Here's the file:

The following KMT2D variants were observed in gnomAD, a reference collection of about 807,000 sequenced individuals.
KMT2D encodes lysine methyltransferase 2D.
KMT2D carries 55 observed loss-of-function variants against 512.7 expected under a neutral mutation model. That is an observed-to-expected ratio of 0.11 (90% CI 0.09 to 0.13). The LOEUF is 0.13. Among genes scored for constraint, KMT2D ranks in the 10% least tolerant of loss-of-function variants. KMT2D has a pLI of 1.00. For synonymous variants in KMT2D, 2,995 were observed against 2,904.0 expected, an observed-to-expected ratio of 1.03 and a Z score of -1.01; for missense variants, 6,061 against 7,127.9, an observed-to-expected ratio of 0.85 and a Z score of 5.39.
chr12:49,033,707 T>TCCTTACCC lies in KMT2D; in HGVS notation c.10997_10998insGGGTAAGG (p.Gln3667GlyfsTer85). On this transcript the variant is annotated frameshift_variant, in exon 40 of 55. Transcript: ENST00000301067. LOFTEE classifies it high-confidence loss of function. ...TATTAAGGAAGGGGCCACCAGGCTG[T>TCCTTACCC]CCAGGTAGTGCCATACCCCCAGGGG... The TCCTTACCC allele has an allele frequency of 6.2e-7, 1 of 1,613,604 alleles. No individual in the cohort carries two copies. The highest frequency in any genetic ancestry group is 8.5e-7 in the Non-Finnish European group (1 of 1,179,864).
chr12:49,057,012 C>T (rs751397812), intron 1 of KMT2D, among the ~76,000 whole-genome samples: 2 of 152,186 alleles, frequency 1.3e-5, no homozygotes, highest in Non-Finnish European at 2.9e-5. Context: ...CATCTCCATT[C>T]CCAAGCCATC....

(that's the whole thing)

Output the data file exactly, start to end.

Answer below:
The following KMT2D variants were observed in gnomAD, a reference collection of about 807,000 sequenced individuals.
KMT2D encodes lysine methyltransferase 2D.
KMT2D carries 55 observed loss-of-function variants against 512.7 expected under a neutral mutation model. That is an observed-to-expected ratio of 0.11 (90% CI 0.09 to 0.13). The LOEUF is 0.13. Among genes scored for constraint, KMT2D ranks in the 10% least tolerant of loss-of-function variants. KMT2D has a pLI of 1.00. For synonymous variants in KMT2D, 2,995 were observed against 2,904.0 expected, an observed-to-expected ratio of 1.03 and a Z score of -1.01; for missense variants, 6,061 against 7,127.9, an observed-to-expected ratio of 0.85 and a Z score of 5.39.
chr12:49,033,707 T>TCCTTACCC lies in KMT2D; in HGVS notation c.10997_10998insGGGTAAGG (p.Gln3667GlyfsTer85). On this transcript the variant is annotated frameshift_variant, in exon 40 of 55. Transcript: ENST00000301067. LOFTEE classifies it high-confidence loss of function. ...TATTAAGGAAGGGGCCACCAGGCTG[T>TCCTTACCC]CCAGGTAGTGCCATACCCCCAGGGG... The TCCTTACCC allele has an allele frequency of 6.2e-7, 1 of 1,613,604 alleles. No individual in the cohort carries two copies. The highest frequency in any genetic ancestry group is 8.5e-7 in the Non-Finnish European group (1 of 1,179,864).
chr12:49,057,012 C>T (rs751397812), intron 1 of KMT2D, among the ~76,000 whole-genome samples: 2 of 152,186 alleles, frequency 1.3e-5, no homozygotes, highest in Non-Finnish European at 2.9e-5. Context: ...CATCTCCATT[C>T]CCAAGCCATC....